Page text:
The Government expects to pay contractors about $120 million to help sell its controversial asset sales plan message.
Finance Minister Bill English confirmed the spend would total "around 2 per cent" of the proceeds from the partial sale of selected state assets – up to $7 billion.
The costs were for advertising, PR, legal, banking, call centres and other administrative charges.
English, responding to a written parliamentary question from Greens co-leader Russel Norman, said the cost was "low by market standards". But the bill was "doubly offensive", Norman said.
"It is a huge amount, and it's money that belongs to taxpayers.
"They are going to sell assets out from under us against our will, and make us pay for the privilege."
The government revealed last year it would sell up to 49 per cent of shares in four SOEs – Solid Energy, Mighty River Power, Genesis Energy and Meridian – and a further stake in Air NZ.
Mighty River shares are expected to trade later this year, and Treasury has confirmed Senate Communications has won the PR contract for the float, and Clemenger the ad contract.
Neither Treasury nor State Owned Enterprises Minister Tony Ryall would comment.
Norman said promoting the sell-off would be part of the government's "biggest propaganda campaign", and contrasted the amount with the "paltry" $50,000 spending cap on advertising material promoting the Keep Our Assets petition, which needs to attract about 300,000 signatures in its bid to force a referendum on the plan.
The ad campaign will have to work, after a poll of more than 2000 Fairfax newspaper readers throughout New Zealand showed 48 per cent did not believe partial asset sales would reduce debt.
But 30 per cent said they would rather sell the assets altogether and lower debt, while 16 per cent favoured retaining them and having a bigger deficit.
The government says selling minority stakes frees up cash to invest in schools and hospitals. The share offers are crucial to a plan to get back to surplus by 2014-15, when public debt is expected to have hit $72b.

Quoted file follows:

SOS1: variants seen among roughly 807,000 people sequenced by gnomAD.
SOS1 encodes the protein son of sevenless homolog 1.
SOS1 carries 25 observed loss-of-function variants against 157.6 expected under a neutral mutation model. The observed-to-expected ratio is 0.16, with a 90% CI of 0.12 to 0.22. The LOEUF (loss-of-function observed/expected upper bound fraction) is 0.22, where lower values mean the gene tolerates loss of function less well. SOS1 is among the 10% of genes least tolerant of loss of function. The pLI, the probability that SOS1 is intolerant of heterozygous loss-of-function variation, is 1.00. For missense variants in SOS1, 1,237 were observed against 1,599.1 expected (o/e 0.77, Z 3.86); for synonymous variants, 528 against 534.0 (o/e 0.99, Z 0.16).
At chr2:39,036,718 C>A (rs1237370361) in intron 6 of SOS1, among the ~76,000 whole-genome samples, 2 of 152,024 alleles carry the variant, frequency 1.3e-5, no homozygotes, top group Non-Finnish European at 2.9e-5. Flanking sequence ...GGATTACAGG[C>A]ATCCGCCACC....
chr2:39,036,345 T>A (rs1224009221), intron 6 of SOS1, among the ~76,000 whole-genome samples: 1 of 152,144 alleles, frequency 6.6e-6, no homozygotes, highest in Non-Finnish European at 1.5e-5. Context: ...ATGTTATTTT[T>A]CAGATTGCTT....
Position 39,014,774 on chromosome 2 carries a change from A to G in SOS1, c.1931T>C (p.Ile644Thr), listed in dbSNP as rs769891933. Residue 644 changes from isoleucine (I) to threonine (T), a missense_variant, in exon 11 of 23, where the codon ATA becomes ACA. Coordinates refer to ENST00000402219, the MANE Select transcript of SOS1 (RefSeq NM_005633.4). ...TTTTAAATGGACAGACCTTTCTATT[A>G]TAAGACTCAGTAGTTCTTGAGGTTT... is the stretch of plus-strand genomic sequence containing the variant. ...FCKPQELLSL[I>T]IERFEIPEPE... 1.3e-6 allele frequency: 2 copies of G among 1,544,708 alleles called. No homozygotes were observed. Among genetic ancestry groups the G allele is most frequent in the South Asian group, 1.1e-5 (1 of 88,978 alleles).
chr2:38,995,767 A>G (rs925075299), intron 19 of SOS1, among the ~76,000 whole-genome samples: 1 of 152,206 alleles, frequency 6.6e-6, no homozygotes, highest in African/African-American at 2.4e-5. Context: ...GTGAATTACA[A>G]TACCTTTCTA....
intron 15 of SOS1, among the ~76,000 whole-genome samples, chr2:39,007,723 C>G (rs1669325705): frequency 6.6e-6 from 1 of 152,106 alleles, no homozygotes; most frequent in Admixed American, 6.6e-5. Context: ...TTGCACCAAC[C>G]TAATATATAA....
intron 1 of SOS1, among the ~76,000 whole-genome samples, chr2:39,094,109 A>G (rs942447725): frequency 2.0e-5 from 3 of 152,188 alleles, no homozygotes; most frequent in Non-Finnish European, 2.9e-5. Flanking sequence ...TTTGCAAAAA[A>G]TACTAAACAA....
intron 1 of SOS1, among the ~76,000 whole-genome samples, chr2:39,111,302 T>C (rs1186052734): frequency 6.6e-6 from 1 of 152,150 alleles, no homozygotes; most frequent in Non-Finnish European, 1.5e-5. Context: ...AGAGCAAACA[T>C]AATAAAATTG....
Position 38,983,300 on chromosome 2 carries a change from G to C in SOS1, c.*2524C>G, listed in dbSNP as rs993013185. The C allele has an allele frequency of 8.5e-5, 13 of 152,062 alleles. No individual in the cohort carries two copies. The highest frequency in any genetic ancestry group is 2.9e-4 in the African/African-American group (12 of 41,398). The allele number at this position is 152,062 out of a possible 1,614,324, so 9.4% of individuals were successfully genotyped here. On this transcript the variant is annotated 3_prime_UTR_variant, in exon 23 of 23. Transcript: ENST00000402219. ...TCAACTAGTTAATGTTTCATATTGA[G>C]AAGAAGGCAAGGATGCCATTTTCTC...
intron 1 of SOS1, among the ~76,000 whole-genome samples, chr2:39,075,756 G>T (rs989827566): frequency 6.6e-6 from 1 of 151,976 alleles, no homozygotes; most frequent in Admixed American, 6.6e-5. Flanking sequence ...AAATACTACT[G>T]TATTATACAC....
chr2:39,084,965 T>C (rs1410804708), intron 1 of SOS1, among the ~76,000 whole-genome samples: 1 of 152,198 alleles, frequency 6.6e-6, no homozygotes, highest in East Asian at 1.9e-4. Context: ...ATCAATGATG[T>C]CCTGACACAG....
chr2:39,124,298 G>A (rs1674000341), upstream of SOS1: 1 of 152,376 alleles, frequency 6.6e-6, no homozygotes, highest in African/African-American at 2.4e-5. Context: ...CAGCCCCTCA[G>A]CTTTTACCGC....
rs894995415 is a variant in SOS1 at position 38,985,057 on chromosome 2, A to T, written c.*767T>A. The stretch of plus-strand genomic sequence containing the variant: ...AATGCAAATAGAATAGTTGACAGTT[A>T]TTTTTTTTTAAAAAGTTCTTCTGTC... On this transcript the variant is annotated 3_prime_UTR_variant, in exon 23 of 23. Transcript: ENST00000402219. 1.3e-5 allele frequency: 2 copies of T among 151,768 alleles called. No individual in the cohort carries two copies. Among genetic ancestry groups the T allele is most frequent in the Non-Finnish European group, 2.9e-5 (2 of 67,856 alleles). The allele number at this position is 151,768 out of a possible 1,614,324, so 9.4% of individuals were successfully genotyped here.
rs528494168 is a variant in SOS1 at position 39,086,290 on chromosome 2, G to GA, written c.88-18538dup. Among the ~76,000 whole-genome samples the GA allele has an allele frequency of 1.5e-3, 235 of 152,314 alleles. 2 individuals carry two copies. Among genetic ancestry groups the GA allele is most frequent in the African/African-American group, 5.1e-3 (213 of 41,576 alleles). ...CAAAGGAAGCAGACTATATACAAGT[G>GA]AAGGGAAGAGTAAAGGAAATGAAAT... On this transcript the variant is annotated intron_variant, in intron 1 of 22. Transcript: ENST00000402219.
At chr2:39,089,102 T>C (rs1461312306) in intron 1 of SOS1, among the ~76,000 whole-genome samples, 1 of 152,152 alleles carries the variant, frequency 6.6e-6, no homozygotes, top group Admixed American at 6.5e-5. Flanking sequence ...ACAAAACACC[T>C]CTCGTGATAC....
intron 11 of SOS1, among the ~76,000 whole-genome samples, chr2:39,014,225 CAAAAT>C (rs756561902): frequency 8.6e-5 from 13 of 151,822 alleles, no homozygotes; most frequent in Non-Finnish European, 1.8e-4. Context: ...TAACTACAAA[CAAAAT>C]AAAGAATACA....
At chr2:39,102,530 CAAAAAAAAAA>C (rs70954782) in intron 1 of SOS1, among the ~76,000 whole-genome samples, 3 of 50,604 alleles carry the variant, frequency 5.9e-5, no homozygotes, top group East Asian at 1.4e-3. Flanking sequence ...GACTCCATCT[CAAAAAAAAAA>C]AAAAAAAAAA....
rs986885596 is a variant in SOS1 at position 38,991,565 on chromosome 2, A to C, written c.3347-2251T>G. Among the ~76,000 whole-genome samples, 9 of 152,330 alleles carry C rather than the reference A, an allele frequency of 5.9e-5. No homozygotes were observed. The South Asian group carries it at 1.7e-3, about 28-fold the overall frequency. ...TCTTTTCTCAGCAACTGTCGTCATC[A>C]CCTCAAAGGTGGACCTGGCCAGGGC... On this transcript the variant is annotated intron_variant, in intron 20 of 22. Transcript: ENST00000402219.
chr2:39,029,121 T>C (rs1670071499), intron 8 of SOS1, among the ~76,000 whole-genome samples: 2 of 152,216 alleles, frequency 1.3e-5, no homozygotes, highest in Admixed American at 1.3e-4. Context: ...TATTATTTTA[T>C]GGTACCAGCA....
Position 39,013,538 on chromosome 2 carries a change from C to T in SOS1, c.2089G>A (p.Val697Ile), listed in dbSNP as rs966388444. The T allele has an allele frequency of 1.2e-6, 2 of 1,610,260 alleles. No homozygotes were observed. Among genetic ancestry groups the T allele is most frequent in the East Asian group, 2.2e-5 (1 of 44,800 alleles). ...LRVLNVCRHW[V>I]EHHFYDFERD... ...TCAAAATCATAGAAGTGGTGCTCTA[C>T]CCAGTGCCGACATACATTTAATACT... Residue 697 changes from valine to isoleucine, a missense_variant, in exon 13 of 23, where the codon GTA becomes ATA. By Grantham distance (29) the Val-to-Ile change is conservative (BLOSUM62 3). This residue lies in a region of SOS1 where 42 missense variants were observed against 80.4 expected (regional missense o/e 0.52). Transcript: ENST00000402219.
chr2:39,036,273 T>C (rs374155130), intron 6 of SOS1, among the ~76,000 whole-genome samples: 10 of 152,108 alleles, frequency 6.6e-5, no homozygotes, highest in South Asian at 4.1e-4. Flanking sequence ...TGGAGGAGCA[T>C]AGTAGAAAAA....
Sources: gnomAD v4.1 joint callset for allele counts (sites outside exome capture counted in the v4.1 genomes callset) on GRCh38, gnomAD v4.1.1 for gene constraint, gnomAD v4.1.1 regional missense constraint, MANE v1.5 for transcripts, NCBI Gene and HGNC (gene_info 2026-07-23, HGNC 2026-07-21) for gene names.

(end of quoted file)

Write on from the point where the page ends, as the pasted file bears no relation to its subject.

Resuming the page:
Ryall earlier said the government was considering a scheme where investors who held their stake for a certain time received bonus shares.
Blenheim's Robin Elder, 72, said: "Selling state assets is stupid, it's like selling the house to pay the insurance."
Porirua consultant Colin Bleasdale, 64, said no one could guarantee shares staying in New Zealand ownership. "Is there no understanding that these assets generate millions of dollars of revenue, as well as New Zealand pride."
Aucklander Susie Brown, 66, said assets had been sold before without the promised benefits eventuating. "Selling our electricity generators is an act of economic stupidity akin to a dressmaker selling her sewing machine to a rival."
Jill Dunphy, 74, retired of Auckland said: "I would prefer keeping the SOE and using dividends to pay off the debt."
"State asset sales are a farce,' said 72-year-old Glad Emirali of Auckland. "Based on government borrowing and debit, the sale of the proposed assets for a minute financial gain, and loss of income to over seas investors would soon negate any short term financial gains."
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